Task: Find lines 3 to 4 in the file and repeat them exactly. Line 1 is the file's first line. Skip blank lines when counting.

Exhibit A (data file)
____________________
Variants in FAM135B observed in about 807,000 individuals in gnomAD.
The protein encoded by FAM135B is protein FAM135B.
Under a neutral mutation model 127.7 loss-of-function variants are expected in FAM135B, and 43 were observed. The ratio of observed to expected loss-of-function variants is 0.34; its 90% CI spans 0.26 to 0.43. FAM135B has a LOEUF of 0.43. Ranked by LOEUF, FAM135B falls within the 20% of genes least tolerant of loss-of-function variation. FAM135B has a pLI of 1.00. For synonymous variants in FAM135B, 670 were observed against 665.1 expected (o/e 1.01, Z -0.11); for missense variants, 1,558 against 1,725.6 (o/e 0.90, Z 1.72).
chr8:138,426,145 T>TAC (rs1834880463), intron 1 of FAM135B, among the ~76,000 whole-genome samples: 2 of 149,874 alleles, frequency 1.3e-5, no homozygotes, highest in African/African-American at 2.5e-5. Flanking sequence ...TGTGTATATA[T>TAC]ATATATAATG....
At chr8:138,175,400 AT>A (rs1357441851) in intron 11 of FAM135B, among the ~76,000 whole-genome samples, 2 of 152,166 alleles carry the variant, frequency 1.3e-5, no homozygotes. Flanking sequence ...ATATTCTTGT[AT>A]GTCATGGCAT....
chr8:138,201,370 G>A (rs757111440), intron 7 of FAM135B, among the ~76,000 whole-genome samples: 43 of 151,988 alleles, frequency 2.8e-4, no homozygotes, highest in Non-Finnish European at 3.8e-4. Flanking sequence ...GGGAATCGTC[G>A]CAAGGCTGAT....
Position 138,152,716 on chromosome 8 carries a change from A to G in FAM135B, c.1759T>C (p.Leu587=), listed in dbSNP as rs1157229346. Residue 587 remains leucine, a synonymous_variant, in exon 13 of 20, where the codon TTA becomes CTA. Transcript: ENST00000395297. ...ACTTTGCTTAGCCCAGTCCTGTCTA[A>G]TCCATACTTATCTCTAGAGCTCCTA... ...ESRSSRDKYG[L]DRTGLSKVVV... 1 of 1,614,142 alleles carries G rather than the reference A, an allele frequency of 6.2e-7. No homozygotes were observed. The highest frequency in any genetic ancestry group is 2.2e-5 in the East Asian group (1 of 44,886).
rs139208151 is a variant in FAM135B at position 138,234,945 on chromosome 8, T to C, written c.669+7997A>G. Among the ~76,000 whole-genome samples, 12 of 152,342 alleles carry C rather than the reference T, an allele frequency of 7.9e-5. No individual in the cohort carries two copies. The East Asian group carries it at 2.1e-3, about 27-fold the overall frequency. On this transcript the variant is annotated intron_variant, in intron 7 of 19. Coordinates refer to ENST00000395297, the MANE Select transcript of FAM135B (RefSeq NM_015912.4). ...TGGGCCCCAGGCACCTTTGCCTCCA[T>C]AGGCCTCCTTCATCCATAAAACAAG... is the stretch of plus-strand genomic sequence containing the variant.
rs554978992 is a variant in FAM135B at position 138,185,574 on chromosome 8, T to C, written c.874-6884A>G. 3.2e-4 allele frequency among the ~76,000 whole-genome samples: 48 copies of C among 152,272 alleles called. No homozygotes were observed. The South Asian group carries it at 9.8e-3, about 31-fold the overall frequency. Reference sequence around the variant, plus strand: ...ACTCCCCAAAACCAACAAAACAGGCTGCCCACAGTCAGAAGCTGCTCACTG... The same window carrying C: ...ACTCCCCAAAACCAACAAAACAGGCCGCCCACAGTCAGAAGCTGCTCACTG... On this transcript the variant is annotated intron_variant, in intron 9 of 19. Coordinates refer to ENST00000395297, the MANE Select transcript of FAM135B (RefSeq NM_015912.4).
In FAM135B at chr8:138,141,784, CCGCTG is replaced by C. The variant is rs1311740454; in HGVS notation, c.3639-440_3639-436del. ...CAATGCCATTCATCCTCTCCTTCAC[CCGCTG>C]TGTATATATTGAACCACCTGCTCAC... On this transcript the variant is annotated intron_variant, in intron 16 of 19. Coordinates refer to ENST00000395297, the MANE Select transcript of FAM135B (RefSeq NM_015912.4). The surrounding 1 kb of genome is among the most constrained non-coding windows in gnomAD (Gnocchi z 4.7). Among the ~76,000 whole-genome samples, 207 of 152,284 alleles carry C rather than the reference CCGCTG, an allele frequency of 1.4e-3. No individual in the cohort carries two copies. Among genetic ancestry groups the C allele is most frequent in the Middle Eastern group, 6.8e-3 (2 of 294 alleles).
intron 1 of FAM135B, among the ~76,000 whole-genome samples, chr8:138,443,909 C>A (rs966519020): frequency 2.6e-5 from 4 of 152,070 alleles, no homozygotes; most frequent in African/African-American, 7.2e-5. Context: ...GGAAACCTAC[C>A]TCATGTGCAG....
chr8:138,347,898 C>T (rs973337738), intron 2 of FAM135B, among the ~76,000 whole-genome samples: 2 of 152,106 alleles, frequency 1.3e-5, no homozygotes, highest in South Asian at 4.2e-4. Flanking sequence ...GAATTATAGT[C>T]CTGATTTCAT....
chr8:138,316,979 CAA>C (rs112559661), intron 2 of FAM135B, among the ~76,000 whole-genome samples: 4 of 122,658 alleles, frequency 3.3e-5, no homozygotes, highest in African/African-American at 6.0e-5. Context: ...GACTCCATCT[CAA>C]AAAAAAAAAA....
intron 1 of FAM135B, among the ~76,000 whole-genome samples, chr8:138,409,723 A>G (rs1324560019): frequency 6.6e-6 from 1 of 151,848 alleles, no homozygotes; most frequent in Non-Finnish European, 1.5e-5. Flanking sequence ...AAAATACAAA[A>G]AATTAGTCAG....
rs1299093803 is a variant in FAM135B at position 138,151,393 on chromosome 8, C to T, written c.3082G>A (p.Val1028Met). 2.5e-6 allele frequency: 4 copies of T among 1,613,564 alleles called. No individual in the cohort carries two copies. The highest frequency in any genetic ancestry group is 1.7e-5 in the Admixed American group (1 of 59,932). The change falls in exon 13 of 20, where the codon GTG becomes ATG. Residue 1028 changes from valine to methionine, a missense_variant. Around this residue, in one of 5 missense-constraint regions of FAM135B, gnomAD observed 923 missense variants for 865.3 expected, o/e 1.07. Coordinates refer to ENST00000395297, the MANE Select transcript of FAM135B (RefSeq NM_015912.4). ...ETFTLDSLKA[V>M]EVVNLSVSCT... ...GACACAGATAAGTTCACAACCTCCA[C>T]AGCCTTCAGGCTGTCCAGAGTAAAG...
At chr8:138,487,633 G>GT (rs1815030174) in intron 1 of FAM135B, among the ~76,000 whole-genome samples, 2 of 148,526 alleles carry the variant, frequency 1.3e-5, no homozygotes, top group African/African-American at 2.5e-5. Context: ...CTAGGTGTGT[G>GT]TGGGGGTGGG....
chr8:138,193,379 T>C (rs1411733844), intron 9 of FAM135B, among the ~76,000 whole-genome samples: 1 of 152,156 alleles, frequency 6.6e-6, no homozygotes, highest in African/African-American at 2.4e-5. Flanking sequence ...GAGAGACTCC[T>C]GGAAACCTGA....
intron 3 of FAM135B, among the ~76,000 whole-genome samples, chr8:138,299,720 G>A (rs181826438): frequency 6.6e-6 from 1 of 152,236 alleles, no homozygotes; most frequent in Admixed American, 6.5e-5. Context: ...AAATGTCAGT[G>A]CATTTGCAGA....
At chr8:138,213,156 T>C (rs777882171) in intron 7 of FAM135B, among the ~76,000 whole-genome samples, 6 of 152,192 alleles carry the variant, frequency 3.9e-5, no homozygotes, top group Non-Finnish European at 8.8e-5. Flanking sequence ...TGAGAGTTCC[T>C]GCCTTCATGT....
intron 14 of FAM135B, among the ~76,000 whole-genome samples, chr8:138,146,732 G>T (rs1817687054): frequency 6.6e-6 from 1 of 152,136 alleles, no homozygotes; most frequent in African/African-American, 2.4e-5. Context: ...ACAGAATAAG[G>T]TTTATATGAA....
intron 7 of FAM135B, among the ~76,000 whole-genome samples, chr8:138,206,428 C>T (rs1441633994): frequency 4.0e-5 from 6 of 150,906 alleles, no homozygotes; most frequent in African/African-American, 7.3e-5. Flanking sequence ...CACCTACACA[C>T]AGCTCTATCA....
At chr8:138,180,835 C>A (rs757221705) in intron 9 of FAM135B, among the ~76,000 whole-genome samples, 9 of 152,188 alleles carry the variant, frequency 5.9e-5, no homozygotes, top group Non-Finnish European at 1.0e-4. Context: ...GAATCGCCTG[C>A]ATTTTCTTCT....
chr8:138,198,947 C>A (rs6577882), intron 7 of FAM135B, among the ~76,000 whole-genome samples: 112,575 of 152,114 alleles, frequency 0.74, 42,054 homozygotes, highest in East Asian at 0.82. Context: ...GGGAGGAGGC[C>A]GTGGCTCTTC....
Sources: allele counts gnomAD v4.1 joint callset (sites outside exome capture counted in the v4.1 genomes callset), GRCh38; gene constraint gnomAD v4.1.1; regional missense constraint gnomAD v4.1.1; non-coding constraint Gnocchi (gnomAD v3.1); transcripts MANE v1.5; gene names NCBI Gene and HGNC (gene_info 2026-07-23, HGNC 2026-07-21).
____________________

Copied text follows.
Under a neutral mutation model 127.7 loss-of-function variants are expected in FAM135B, and 43 were observed. The ratio of observed to expected loss-of-function variants is 0.34; its 90% CI spans 0.26 to 0.43. FAM135B has a LOEUF of 0.43. Ranked by LOEUF, FAM135B falls within the 20% of genes least tolerant of loss-of-function variation. FAM135B has a pLI of 1.00. For synonymous variants in FAM135B, 670 were observed against 665.1 expected (o/e 1.01, Z -0.11); for missense variants, 1,558 against 1,725.6 (o/e 0.90, Z 1.72).
chr8:138,426,145 T>TAC (rs1834880463), intron 1 of FAM135B, among the ~76,000 whole-genome samples: 2 of 149,874 alleles, frequency 1.3e-5, no homozygotes, highest in African/African-American at 2.5e-5. Flanking sequence ...TGTGTATATA[T>TAC]ATATATAATG....